Faculty / Staff Resources Student Resources
University of Southern California
University of Southern California
USC Chan Division of Occupational Science and Occupational Therapy
USC Chan Division of Occupational Science and Occupational Therapy
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Make Yourself Known


April 21, 2020
by Kat

Life Hacks

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It is important to make yourself known during your graduate studies. I found myself struggling with this when I first started the entry level masters program. As time went on, I realized I was cutting myself short and not optimizing my learning or taking advantage of the knowledge the expert professors had. I had to challenge myself to speak up in class and to seek help during office hours. I had to insert myself in class discussions to truly experience and benefit from the team based learning that is embedded in many if not all of the classes throughout the program.

I recently asked a few professors and previous fieldwork clinical instructors (CI’s) to write letters of recommendations for me for different positions that I am applying for. In reflecting on this process of asking for letters of recommendation as well as professors and CI’s actually being able to write them for me, I realized that I had been working on this process of being known for a while now. I was able to email a request along with my resume, and professors and CI’s were able to do me the huge favor of helping me with this. How? Because I made myself known.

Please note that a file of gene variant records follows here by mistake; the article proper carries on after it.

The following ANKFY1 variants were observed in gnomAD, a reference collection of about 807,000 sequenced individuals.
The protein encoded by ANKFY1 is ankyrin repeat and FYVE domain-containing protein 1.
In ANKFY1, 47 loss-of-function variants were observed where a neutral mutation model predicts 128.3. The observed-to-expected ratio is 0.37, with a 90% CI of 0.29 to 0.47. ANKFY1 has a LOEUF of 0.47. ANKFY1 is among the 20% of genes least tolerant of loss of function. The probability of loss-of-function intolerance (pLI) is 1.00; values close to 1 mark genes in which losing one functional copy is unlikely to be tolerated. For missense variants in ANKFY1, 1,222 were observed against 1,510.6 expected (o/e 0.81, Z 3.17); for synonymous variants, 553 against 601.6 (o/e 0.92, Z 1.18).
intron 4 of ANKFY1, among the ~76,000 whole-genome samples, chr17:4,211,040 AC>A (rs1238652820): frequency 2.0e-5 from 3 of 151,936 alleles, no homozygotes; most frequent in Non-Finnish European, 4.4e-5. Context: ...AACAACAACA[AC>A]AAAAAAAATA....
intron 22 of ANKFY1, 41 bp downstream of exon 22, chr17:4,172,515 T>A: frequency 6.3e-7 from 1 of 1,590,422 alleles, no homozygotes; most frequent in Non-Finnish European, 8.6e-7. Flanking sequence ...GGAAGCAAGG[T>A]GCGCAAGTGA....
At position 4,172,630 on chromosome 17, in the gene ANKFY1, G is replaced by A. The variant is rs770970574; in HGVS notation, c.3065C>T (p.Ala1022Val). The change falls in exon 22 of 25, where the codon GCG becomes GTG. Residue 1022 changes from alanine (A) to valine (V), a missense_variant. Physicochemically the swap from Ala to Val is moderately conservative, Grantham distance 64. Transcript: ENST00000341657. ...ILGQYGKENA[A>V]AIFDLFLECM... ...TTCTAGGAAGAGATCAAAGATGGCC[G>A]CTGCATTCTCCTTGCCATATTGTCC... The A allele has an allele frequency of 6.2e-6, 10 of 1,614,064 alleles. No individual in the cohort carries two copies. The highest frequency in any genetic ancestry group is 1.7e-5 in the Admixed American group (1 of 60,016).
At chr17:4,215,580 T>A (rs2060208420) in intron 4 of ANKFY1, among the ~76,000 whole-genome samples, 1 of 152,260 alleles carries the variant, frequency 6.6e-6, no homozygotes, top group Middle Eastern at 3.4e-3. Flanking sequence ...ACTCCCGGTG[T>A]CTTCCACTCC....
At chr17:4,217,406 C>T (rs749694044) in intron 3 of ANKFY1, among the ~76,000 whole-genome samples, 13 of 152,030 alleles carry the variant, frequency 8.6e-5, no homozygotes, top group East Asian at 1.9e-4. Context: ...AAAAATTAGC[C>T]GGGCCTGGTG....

This process involved my time and effort both inside and outside of the classroom. Inside of the classroom I came prepared by having done my readings and being ready to discuss. I also brought up relevant questions which connected the class content to the populations I am interested in working with. Outside of the classroom I sought extra help and clarification with difficult concepts. Outside of the classroom I was involved in things such as being a student ambassador and attending DAE meetings.

Making yourself known does not only benefit you when you need letters of recommendations. It is also important because once you graduate and enter the workforce, your professors may become your colleagues. Building professional relationships with them can open doors for you and can provide valuable mentorship as well.

All of this is to say:

  • Participate in class
  • Ask questions
  • Go to office hours
  • Seek mentorships

It Matters!